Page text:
AboutDr Rashwan is a scholar of Arabic and Comparative Poetics. He holds a PhD in Cultural, Literary and Postcolonial Studies from SOAS, University of London. He is the recipient of the International Society for the History of Rhetoric (ISHR) Research Fellowship in 2015. His PhD research offers new criticism and analysis of ancient Egyptian literary devices based on Arabic-Semitic methodology, with full consideration of the unique visual nature of the Arabic and ancient Egyptian scripts.
In 2016, he earned his PhD after defending a thesis on Arabic jinas, or what can loosely be termed ‘wordplay,’ ‘paronomasia’, or ‘pun,’ examined through a comparative lens with ancient Egyptian rhetorical traditions. Jinās is one of the most critical literary devices present throughout Quran, Hadith, Arabic poetry, literary prose, songs, and proverbs, because it covers an array of phonetic, semantic, and graphic associations between words that have similar forms but with different meanings. Using Arabic poetic traditions, he was able to rediscover ancient literary registers and tones, which had been entirely obliterated when studied in Western rhetorical traditions.
The thesis will be published as a monograph with The American University in Cairo Press in early 2022. The book has received eight endorsements from eminent international scholars of Middle Eastern Literatures.
Following completion of his PhD in 2016, he held an Andrew W Mellon Postdoctoral Fellowship at the American University of Beirut, where, in addition to undertaking his research, he participated in organising conferences, seminar series and public talks.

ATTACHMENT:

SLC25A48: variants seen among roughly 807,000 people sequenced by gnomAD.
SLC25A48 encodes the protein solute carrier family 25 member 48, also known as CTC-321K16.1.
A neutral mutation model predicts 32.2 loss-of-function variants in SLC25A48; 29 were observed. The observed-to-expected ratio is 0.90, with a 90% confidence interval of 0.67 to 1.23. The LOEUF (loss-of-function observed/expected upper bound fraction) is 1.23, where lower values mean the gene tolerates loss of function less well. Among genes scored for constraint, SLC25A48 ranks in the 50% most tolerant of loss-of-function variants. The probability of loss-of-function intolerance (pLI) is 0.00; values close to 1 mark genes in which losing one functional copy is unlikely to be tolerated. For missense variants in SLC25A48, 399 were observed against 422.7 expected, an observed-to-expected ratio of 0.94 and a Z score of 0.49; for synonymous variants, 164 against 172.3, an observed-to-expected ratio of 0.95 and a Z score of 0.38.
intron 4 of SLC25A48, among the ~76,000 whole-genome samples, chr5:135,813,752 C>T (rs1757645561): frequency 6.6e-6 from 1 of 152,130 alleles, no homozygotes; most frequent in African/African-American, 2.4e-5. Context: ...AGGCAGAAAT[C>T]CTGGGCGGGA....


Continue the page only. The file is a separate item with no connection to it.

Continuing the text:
He was successful in obtaining additional funding from the Andrew W Mellon Foundation to organise a significant international conference titled Post-Eurocentric poetics: new approaches from Arabic, Turkish and Persian Literature. He co-edited the conference proceedings with Prof Rebecca Gould, which are due to be published in 2022 by the British Academy: Oxford University Press.
Thereafter, he has been involved in various cutting-edge research projects in the field of Arabic Poetics and Comparative Literature. He is a Research Fellow of Arabic Literary Theory at the University of Birmingham working on the Global Literary Theory project funded by ERC which aims to reinvigorate comparative disciplines by engaging with overlooked literary-theoretical traditions Arabic, Persian, Turkic, and Georgian. I lead the strand on Arabic literature.
He has co-organised six international conferences. In July 2021, he co-organised “Pre-modern comparative literary practice in the multilingual Islamic worlds” hosted at Oxford Comparative Criticism and Translation. The conference opened new horizons for cross-cultural poetics that incorporate non-European philosophies of comparative criticism and literary interpretation, to address the inefficiency of Euro-American poetics and to cross the boundaries of the West-centric mode of thinking. The proceedings will be co-edited by the co-organisers and published in 2022 by the British Academy: Oxford University Press.
He is dedicated to engaging the public in dialogue about the role of literature in our society, particularly on critically analysing and interpreting religious texts in service of subduing extremism.
He has been invited to lecture publically twenty-six times in numerous universities and organisations, to speak on various features of Arabic and comparative poetics, in places as prestigious as The British Library, The British Museum, Alexandria Bibliotheca, The Egyptian Museum of Cairo, and the universities of Oxford, Cambridge, Leiden and Columbia.